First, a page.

The day where you can slop gluten-free sauerkraut on your gluten-free hot dog in your gluten-free bun is coming. The FDA has released a proposed rule to set up requirements for fermented and hydrolyzed foods, or foods with fermented and hydrolyzed ingredients that claim to be “gluten-free.”
Wait? Don’t we already have rules for gluten-free labeling? Yep, but the feds kind of held the pickles on that one. The 2013 Food and Drug Administration's Gluten-Free Labeling Regulation set the safety threshold for labeling products gluten-free at 20 ppm or less and defined the use of ingredients and labeling terms. However, the rule addressed the uncertainty in interpreting the results of current gluten test methods for fermented and hydrolyzed foods in terms of intact gluten. Because of this uncertainty, the agency has now issued this new proposal to provide alternative ways to verify compliance for these types of foods based on records that are made and kept by the manufacturer. The foods include yogurt, sauerkraut, pickles, cheese, green olives, vinegar and FDA regulated beers.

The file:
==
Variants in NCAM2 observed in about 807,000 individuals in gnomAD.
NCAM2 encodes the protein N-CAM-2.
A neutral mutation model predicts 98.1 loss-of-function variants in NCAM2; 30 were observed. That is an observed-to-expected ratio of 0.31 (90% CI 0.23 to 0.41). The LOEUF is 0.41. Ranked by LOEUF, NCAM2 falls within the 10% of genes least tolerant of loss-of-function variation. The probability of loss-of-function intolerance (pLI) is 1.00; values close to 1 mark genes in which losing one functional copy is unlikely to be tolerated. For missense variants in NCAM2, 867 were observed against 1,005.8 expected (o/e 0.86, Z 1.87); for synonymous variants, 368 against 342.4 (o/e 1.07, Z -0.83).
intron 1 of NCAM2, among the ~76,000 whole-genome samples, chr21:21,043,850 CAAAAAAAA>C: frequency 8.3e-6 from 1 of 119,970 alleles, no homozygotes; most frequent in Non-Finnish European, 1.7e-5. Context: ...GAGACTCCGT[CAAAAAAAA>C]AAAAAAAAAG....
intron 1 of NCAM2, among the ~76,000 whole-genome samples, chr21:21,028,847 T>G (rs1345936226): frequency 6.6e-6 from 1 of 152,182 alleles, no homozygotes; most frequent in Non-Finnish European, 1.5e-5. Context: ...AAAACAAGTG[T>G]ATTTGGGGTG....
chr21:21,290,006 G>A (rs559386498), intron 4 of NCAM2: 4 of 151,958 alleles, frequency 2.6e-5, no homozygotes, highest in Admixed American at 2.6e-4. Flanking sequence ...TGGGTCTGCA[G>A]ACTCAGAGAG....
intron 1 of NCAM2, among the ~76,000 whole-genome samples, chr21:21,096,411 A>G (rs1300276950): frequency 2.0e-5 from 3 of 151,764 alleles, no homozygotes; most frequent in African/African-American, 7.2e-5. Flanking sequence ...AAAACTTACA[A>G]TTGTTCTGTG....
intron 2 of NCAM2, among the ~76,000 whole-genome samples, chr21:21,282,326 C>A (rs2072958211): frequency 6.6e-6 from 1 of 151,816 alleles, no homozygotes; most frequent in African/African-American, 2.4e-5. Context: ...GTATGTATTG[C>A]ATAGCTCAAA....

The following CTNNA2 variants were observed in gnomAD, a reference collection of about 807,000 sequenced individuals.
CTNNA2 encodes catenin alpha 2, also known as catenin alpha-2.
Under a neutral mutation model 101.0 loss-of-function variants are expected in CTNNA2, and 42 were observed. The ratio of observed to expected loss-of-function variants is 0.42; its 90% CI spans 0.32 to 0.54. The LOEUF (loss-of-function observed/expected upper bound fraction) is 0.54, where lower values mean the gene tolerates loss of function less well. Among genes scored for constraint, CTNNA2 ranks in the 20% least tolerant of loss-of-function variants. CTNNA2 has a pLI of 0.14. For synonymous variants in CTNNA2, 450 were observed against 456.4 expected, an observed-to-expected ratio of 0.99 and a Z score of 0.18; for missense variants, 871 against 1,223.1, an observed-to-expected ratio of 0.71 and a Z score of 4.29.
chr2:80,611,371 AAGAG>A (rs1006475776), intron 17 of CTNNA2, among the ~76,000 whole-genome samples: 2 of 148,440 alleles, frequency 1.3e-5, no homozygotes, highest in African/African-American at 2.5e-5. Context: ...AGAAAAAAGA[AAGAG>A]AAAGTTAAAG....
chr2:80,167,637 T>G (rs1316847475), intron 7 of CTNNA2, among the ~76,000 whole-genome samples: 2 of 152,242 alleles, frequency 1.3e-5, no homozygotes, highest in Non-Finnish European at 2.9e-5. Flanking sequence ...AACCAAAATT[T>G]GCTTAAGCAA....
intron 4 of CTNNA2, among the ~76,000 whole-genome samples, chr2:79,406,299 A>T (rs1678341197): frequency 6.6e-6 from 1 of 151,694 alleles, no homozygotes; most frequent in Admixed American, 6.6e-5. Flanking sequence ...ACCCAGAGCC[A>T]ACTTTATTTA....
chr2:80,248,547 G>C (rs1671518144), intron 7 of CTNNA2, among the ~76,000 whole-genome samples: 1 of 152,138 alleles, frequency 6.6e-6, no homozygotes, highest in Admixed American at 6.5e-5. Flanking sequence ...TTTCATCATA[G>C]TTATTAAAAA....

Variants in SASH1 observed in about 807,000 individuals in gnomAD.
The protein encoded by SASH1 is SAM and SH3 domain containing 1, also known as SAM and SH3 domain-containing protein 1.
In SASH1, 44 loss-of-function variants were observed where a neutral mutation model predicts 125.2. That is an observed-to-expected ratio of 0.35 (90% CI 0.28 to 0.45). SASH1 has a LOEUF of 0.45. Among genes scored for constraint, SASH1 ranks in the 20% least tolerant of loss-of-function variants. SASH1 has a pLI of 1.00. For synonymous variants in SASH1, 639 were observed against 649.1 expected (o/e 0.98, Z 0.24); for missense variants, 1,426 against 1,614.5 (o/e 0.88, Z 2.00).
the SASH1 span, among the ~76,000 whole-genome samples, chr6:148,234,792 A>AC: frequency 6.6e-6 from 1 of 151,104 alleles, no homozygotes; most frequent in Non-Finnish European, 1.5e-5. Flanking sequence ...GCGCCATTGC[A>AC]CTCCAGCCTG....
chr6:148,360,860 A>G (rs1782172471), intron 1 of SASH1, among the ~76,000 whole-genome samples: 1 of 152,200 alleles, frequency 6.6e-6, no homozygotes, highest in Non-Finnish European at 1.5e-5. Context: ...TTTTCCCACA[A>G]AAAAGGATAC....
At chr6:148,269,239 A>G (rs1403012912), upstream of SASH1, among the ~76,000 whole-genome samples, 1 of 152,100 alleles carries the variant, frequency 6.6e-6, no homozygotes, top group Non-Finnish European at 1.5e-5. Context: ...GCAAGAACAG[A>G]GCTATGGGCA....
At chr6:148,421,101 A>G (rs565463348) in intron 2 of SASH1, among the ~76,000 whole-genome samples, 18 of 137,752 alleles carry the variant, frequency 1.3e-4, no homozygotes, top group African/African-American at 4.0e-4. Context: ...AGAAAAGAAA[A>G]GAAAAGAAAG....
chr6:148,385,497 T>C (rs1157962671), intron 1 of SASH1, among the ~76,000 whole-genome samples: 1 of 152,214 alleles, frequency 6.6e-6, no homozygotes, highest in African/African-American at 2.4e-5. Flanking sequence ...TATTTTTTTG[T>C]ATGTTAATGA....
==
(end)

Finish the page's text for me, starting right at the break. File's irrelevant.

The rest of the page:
Based on an FDA press release about the new proposed regulations, the rule would require manufacturers to make and keep records demonstrating assurance that
- the food meets the requirements of the gluten-free food labeling final rule before fermentation or hydrolysis.
- the manufacturer has adequately evaluated its process for any potential gluten cross-contact, and
- where a potential for gluten cross-contact has been identified, the manufacturer has implemented measures to prevent the introduction of gluten into the food during the manufacturing process.
The agency is accepting comments on the proposal.
Their action comes just in time. Fermented foods are hot, according to Barbara Brueckner, vice president, innovation manager, at Mattson & Co., who says the trend growing.